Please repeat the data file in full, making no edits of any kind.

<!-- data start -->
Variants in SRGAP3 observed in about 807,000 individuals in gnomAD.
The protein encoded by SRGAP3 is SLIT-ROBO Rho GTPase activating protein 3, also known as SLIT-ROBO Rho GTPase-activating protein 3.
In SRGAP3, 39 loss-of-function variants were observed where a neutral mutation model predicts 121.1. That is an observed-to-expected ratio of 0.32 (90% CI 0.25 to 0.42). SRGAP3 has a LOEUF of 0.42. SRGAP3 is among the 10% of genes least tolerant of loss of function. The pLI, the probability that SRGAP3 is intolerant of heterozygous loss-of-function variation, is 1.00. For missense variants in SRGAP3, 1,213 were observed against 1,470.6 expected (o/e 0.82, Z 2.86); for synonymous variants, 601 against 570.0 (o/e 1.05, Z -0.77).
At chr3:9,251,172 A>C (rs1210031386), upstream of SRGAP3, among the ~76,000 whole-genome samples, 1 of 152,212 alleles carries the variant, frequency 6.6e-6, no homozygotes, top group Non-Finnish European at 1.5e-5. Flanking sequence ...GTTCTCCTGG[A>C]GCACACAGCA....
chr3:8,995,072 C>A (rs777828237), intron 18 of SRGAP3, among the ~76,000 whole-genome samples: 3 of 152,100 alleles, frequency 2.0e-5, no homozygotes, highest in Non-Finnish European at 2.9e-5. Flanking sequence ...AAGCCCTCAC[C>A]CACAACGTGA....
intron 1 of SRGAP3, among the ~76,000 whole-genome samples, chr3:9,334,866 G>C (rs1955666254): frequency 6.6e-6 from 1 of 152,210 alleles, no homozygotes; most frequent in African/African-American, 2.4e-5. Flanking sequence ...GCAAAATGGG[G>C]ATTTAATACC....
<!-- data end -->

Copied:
Variants in SRGAP3 observed in about 807,000 individuals in gnomAD.
The protein encoded by SRGAP3 is SLIT-ROBO Rho GTPase activating protein 3, also known as SLIT-ROBO Rho GTPase-activating protein 3.
In SRGAP3, 39 loss-of-function variants were observed where a neutral mutation model predicts 121.1. That is an observed-to-expected ratio of 0.32 (90% CI 0.25 to 0.42). SRGAP3 has a LOEUF of 0.42. SRGAP3 is among the 10% of genes least tolerant of loss of function. The pLI, the probability that SRGAP3 is intolerant of heterozygous loss-of-function variation, is 1.00. For missense variants in SRGAP3, 1,213 were observed against 1,470.6 expected (o/e 0.82, Z 2.86); for synonymous variants, 601 against 570.0 (o/e 1.05, Z -0.77).
At chr3:9,251,172 A>C (rs1210031386), upstream of SRGAP3, among the ~76,000 whole-genome samples, 1 of 152,212 alleles carries the variant, frequency 6.6e-6, no homozygotes, top group Non-Finnish European at 1.5e-5. Flanking sequence ...GTTCTCCTGG[A>C]GCACACAGCA....
chr3:8,995,072 C>A (rs777828237), intron 18 of SRGAP3, among the ~76,000 whole-genome samples: 3 of 152,100 alleles, frequency 2.0e-5, no homozygotes, highest in Non-Finnish European at 2.9e-5. Flanking sequence ...AAGCCCTCAC[C>A]CACAACGTGA....
intron 1 of SRGAP3, among the ~76,000 whole-genome samples, chr3:9,334,866 G>C (rs1955666254): frequency 6.6e-6 from 1 of 152,210 alleles, no homozygotes; most frequent in African/African-American, 2.4e-5. Flanking sequence ...GCAAAATGGG[G>C]ATTTAATACC....